Searching on the Internet
If you are on the Internet and type a philosophical concept or the name of a philosopher in the search bar of a search engine, such as Google, you will soon get dizzy from the number of pages found. For example, search for ‘Chinese Room’: you will find pages about the thought experiment by John Searle, but you may also book the Chinese room in Seattle for a party. How do you select the information you need from the 85 million hits, and how do you decide whether the website that you found is reliable?
Pay attention to Who, Where and When.
Who: who wrote the page? Can you find the name of the author or the name of the organisation behind the website? Did a professor write the page or is it written by a student? For example, check whether you can find an 'About us' on the website.
Where: this may be important, too. For example, would you use a Chinese website about Spinoza as the major source for your own research about Spinoza? (If you are doing research about the reception of Spinoza in China, this website might be quite interesting, of course.)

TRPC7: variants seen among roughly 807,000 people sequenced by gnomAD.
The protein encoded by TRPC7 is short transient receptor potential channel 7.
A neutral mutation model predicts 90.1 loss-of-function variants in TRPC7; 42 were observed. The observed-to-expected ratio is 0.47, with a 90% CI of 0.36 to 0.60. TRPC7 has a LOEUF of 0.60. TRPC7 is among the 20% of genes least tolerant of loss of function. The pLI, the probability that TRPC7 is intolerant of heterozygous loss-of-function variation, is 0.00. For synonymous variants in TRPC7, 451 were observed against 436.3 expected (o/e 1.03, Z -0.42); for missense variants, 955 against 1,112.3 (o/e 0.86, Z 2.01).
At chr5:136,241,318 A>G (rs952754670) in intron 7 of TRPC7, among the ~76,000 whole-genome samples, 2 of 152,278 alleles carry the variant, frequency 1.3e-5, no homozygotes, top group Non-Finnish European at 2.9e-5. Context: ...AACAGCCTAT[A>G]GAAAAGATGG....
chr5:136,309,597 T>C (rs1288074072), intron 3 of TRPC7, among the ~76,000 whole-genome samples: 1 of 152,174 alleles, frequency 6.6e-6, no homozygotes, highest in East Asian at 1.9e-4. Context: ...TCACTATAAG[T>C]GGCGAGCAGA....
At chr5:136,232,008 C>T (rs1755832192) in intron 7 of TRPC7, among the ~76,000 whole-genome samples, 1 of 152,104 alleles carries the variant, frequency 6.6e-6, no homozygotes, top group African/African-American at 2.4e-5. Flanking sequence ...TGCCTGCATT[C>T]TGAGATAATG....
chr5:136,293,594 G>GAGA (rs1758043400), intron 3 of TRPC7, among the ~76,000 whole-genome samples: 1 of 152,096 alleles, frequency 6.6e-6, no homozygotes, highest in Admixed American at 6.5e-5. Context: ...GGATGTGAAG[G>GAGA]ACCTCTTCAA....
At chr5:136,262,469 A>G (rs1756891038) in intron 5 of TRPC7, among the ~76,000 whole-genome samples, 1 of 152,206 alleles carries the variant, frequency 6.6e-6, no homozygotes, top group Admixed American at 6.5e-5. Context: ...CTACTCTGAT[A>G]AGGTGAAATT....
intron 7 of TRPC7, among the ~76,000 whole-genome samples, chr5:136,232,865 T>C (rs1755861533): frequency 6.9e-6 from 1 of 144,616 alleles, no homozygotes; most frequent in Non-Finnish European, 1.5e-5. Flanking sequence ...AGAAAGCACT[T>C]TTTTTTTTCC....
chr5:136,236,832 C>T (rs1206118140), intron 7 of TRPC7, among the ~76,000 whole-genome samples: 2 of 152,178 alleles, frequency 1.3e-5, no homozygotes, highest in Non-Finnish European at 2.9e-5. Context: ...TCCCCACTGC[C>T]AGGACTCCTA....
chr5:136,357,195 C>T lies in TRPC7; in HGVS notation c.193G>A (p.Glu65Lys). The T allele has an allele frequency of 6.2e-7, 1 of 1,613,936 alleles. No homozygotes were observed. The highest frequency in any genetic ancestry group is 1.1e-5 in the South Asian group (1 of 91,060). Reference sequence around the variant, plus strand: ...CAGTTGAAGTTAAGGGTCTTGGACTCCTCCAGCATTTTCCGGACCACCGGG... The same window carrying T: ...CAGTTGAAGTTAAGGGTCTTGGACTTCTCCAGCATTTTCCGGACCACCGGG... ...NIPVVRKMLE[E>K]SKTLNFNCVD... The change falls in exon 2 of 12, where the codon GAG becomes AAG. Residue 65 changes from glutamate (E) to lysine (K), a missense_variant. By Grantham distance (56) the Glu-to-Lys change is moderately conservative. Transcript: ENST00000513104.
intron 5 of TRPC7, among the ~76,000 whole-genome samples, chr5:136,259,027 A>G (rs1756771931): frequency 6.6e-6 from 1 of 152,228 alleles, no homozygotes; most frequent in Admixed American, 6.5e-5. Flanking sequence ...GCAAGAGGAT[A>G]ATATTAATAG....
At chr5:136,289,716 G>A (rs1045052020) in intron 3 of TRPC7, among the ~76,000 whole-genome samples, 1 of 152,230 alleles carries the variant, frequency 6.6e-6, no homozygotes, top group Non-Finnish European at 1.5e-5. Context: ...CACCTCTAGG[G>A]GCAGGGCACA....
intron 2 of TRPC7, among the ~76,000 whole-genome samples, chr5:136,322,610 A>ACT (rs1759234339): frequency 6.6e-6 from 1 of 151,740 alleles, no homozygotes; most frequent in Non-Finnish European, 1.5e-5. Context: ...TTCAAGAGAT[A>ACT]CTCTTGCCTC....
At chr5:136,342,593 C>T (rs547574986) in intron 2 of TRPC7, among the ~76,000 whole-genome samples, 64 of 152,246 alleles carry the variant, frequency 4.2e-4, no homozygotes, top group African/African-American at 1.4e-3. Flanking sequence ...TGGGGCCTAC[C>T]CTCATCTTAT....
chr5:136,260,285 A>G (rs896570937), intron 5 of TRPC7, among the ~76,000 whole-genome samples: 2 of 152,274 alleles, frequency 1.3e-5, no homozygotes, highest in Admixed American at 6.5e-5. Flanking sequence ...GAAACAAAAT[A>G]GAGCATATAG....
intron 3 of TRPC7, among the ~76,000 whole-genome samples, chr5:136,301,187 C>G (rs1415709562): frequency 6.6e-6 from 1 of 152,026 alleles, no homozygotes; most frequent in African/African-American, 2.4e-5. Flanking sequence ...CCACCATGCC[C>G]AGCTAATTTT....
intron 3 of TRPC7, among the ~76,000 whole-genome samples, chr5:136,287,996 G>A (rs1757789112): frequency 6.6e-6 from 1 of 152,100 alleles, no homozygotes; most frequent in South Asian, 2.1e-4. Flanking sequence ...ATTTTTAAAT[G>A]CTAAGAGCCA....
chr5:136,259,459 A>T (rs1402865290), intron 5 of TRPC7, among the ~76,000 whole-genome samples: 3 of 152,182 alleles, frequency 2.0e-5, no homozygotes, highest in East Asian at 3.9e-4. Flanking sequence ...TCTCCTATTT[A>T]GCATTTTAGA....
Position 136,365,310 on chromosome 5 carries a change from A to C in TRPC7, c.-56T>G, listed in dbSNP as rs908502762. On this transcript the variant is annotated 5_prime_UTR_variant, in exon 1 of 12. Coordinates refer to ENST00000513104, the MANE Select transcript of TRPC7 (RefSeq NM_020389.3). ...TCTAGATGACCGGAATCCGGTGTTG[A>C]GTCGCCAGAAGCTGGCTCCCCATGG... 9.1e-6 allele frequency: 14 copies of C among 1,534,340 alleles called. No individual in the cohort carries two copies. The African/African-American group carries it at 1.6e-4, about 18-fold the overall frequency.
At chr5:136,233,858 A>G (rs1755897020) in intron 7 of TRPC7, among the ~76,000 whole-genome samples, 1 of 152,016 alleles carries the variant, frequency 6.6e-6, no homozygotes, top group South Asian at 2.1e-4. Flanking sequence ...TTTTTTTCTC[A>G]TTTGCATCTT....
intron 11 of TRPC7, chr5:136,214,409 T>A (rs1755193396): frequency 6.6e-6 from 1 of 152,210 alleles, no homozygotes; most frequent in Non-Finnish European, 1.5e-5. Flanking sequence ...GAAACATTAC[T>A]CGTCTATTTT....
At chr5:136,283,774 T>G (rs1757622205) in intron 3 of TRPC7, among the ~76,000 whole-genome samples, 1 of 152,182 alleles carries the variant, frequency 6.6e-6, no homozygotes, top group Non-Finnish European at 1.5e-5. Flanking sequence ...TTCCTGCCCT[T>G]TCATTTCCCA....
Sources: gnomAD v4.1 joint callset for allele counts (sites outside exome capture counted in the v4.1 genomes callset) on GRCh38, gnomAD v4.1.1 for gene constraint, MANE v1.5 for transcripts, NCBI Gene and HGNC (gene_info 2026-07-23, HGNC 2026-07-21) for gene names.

When: can you find out when the information was drawn up and when it was made up-to-date?
You can make an initial selection on the basis of the domain of the website found. If it ends in .edu or .ac.uk, the website originates from an American or English university.
With every website you visit, keep in mind that websites can be created by anybody!
Fortunately, a number of tools are available. The Internet Detective and Internet Philosopher of Intute are tutorials in English that help you to search the Internet: they make suggestions, show you tricks and make you aware of the possible pitfalls.
In addition, there are all sorts of websites that collect websites that are interesting for a certain discipline, such as philosophy. An example is Intute, an alliance of British universities. They offer access to web resources for research and education in philosophy (and other disciplines); the websites have been judged by relevance and quality. A similar website is Erratic Impact, made by an American university. This website has a subdivision by subject and philosopher.